Footsteps in the Fog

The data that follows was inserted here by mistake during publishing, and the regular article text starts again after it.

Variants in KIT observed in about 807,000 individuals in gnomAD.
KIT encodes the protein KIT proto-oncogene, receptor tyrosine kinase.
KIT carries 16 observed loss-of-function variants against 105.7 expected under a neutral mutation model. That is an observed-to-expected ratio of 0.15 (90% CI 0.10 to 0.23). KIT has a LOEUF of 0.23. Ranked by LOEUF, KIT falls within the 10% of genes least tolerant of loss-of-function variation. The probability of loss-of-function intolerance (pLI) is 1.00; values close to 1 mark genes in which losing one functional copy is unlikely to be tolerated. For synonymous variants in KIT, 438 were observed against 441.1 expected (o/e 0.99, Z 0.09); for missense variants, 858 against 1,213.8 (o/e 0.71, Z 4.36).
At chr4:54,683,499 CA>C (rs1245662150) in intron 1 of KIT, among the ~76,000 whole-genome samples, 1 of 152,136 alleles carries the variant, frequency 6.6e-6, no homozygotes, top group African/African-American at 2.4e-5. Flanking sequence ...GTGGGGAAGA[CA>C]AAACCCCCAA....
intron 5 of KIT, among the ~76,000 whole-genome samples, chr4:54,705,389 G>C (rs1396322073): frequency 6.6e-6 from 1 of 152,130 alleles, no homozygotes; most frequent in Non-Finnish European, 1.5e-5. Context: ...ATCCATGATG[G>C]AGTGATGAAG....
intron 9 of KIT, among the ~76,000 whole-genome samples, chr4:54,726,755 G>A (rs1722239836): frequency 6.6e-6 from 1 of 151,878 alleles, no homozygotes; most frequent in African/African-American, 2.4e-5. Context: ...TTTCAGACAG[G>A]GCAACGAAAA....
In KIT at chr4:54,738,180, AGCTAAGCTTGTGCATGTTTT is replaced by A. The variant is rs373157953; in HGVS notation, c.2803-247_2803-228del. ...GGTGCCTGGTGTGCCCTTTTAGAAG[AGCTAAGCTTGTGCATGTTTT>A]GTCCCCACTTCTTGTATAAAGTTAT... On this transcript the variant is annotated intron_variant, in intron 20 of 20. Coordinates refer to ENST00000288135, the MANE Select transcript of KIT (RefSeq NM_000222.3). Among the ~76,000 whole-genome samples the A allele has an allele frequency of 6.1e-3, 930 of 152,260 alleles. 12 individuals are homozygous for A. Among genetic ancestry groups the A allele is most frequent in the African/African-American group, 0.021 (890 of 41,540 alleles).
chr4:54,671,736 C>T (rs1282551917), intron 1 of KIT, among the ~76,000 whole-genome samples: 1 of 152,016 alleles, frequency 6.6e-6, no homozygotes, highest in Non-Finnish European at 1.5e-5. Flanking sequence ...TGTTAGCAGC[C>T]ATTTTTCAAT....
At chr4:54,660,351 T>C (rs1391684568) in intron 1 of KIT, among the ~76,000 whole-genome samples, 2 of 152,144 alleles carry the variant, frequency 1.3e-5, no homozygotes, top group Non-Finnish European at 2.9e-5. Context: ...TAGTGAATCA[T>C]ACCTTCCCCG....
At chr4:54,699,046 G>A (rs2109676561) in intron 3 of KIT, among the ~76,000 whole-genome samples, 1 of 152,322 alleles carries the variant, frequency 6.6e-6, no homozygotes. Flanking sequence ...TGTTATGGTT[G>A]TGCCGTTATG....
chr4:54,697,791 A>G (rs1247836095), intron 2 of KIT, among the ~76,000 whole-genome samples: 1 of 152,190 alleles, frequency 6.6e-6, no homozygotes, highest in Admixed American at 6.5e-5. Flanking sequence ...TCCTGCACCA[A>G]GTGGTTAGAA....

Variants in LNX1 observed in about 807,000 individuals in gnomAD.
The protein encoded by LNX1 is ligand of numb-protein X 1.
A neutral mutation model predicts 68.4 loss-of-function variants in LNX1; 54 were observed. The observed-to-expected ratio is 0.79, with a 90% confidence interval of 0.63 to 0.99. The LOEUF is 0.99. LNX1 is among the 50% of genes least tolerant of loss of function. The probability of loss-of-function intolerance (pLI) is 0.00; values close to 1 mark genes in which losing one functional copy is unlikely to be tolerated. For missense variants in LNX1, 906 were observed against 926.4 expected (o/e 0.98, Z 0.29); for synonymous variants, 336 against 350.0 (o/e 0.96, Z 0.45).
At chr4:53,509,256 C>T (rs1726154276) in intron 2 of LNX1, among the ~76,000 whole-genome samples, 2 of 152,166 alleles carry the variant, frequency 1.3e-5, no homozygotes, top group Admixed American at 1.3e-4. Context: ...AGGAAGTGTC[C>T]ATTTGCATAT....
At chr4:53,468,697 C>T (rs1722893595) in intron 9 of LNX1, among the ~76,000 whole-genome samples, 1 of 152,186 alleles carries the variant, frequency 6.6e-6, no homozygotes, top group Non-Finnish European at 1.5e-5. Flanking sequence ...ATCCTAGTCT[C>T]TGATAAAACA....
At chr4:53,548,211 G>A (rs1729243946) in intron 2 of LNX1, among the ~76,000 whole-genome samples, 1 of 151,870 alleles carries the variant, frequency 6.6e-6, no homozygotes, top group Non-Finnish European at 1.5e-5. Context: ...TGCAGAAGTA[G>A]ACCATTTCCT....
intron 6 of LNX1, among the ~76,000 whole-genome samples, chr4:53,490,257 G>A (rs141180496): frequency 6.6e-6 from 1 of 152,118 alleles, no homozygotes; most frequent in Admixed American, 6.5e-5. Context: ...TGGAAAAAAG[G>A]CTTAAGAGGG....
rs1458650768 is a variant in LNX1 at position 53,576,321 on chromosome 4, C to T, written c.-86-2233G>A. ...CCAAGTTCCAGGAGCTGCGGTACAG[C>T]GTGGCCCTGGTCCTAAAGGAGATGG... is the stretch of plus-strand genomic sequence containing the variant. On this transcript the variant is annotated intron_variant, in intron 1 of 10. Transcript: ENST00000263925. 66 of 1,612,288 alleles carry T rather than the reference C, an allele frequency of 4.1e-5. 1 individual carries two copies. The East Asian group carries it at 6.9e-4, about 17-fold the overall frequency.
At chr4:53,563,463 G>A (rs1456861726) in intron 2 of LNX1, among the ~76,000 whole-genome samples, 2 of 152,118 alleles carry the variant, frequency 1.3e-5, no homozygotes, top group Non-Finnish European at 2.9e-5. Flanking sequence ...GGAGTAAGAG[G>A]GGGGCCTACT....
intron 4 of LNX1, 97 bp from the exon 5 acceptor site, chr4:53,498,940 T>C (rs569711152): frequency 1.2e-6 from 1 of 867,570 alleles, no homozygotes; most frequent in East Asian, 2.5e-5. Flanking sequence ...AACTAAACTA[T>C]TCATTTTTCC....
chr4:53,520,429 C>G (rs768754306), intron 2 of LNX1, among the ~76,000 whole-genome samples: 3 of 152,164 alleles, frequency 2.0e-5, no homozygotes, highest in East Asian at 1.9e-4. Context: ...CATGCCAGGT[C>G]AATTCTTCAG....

The then married pair of Stewart Granger and Jean Simmons scheme their way through this natty Gaslight-like noir that paints foggy old London a murderous red. An aristocratic gentleman (Granger) finds his public grief over his mysteriously dead wife (“I must learn to be alone,” he heaves) interrupted by a hovering servant lass (Simmons), who's observed that bottle of poison in the cellar, and wouldn't mind using that knowledge for a trip up the manor's class staircase-all the way into the master's bed. “I do know my place, sir,” she claims; “It's with you. And it's a place I'm never going to give up.” The master, however, has other ideas: a few nocturnal chases, daylight trials, and slow poisonings later, the maid's place may be in the manor, or in the grave. Technicolor nihilism in Edwardian dress, Footsteps in the Fog presents a vision of human nature (and class struggle) that's as dank as its fogbound setting.

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